No-start (does crank) 1989 FJ62 - need input

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Have you checked the fusible link?

I would start checking continuity from this wire diagram and work my way down. theres probably a cleaner version of this diagram online lolView attachment 3064680
I used my headlamp and the advantage of cooler weather to go outside and fully disconnect my battery, separate out the fusible link (had to put some pb blaster on a nut and let it sit overnight) and I managed to disconnect the EFI relay as well. Tomorrow morning after a job interview (so I can continue to afford my Cruiser habit) I’ll get back out there and test the fusible link connections, the EFI relay and if I don’t die of heat stroke I’ll remove the AFM and finish the plate testing on a bench.

I’ll also work my way down the continuity testing chart.
 
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Update time: I've been lazy because it was so hot but I finally got back out there today and did something dumb. There was continuity between the fusible links...until I decided to disconnect them to make sure they looked good and clean it up a bit. Of course, in doing so, I broke the terminal lead that connects to the alternator. Yay....

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Continuity exists between the COR and the fuel pump. Connectors look good. Continuity also exists between the AFM connector and the COR. All fuses tested okay.

Going to check all the grounds and order new fusible links.
 
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Update: still waiting on fusible links. I jerry-rigged a fix to my broken alternator fusible link connection with some 14 gauge fusible link wire from autozone just to get it started for diagnostic purposes. Going to replace my grounds as well and clean up the electrical mess with a tinned copper bus bar.

Still trying to get the AFM off so I can bench test it. I removed the four nuts and washers on the front (if looking from the point of view of passenger fender area) but the underside left corner has a Philips head screw that is stuck on there really tight. I’ve been soaking it in pb blaster and I’ll try again tomorrow.

edit: it’s not the Philips head screw that keeps the AFM hooked up, it’s a small bolt on the underside.

While poking around the engine I’m learning and absorbing. I’m also finding connectors that are unplugged and I’m wondering what they are for - I don’t think they are related to my issue but maybe! Any ideas?

Also, hoping to start my new job on the 8th and really need it running by then. While trying to make sense of the wiring I found out my battery tray is not long for this world so I’ll be sourcing a new stainless steel tray soon.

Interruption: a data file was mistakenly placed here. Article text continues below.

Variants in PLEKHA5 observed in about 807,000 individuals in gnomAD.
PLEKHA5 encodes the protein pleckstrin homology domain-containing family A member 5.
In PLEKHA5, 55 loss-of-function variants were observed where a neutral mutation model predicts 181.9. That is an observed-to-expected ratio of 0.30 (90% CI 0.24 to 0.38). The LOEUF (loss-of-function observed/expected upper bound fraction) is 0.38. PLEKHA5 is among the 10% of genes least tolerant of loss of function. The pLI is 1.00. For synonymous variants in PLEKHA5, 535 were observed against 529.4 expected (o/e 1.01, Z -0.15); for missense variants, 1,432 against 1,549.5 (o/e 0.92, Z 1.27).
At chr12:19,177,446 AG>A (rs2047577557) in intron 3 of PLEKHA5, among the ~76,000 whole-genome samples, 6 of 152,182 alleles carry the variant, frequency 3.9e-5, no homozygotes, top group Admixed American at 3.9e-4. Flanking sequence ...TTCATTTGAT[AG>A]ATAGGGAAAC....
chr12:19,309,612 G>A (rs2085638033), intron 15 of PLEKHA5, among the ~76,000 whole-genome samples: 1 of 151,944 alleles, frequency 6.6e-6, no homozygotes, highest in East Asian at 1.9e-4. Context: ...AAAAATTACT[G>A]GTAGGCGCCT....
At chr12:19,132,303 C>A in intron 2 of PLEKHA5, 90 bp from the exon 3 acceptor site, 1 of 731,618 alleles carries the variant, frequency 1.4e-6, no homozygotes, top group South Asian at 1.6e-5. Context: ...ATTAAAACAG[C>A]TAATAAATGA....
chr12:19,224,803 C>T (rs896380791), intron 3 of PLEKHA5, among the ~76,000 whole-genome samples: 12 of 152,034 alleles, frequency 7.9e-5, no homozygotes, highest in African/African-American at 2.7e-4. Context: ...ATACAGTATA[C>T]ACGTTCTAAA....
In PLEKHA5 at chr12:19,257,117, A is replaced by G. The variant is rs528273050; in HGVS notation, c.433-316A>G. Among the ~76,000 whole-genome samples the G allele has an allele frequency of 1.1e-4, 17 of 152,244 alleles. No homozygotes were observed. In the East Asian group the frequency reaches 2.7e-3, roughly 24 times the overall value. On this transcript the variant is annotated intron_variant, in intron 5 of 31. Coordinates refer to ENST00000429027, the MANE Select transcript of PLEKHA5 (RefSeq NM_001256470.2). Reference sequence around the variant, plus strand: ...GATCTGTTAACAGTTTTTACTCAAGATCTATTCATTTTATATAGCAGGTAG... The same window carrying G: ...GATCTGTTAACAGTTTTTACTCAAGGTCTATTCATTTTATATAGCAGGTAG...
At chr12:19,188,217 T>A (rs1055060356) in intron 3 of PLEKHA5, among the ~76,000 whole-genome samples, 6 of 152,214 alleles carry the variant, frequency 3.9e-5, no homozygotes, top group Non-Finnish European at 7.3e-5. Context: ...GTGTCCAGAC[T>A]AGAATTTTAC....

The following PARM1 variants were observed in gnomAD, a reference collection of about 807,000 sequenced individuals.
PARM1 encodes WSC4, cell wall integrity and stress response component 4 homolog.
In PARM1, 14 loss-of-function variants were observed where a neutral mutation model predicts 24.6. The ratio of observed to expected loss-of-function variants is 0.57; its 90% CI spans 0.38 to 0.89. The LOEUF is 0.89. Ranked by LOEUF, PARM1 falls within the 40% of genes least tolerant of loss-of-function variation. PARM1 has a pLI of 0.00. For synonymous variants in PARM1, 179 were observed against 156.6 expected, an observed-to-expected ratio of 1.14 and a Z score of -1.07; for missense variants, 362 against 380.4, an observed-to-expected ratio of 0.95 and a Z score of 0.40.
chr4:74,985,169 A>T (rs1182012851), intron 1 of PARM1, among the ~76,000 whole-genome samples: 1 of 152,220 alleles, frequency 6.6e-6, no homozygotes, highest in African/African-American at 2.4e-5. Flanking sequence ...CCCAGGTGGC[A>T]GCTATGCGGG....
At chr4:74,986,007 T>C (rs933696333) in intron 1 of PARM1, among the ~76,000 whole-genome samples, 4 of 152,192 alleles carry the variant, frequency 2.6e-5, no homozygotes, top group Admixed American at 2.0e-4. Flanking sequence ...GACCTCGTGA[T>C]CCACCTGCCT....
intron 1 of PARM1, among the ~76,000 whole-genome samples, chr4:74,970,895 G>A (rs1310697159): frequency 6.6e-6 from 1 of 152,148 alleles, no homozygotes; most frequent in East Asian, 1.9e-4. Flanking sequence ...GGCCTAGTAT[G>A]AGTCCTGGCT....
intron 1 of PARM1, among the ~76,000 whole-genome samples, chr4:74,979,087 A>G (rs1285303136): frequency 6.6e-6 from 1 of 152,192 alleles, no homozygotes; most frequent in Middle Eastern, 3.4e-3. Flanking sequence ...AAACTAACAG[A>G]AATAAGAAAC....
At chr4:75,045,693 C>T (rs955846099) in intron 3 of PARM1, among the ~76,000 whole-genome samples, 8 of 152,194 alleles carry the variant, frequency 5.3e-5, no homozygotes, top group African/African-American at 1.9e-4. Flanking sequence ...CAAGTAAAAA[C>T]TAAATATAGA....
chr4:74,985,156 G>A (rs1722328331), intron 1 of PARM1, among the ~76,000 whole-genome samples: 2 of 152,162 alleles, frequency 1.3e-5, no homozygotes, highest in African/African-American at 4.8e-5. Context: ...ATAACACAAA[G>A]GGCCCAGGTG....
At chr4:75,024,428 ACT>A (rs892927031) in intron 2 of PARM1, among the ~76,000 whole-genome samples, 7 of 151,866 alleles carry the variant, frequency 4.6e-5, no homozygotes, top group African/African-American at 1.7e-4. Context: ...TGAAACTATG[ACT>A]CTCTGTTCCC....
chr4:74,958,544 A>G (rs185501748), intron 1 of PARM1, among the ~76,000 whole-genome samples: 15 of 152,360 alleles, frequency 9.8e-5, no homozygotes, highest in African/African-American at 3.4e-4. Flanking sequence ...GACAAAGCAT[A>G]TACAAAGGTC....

You want a hobby? Buy a cruiser…

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Ignore that electrical tape near the fuel pressure regulator - new air check valve is being installed. Soaking that 22mm fastener in pb blaster as well.
 

Dynosoar

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The pink single wire you have circled is your coolant temp switch. Super important for stating the truck. It goes in the top of the thermostat housing on the right (US passenger side) of the car. I bet that helps.
Dyno
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Wanted to give everyone an update. I cleaned up the contact in the coolant temp sensor and put some dialectic grease on there. I re-attached the sensor to the top of the thermostat housing and made sure it was snug.

I can’t check to see if the engine starts just yet because I’m making a bus bar mounting location using some scrap ABS plastic to clean up the nasty wiring near the battery. I also replaced all the ground wires because I figured if I was cleaning them up by removing the bolts, scrubbing with a wire brush and adding a thin layer of dialectic grease then I might as well replace the original ground wires. The body to the passenger side motor mount was, as everyone says, a real pain the @**. I hope this solves a bouncing voltage issues I’ve been experiencing on and off.

I bench tested the AFM today - here are my results
It looks good but where it should have zero resistance it seems to have a tiny bit then goes back to 0.00. It was a hot day though. What do you all think?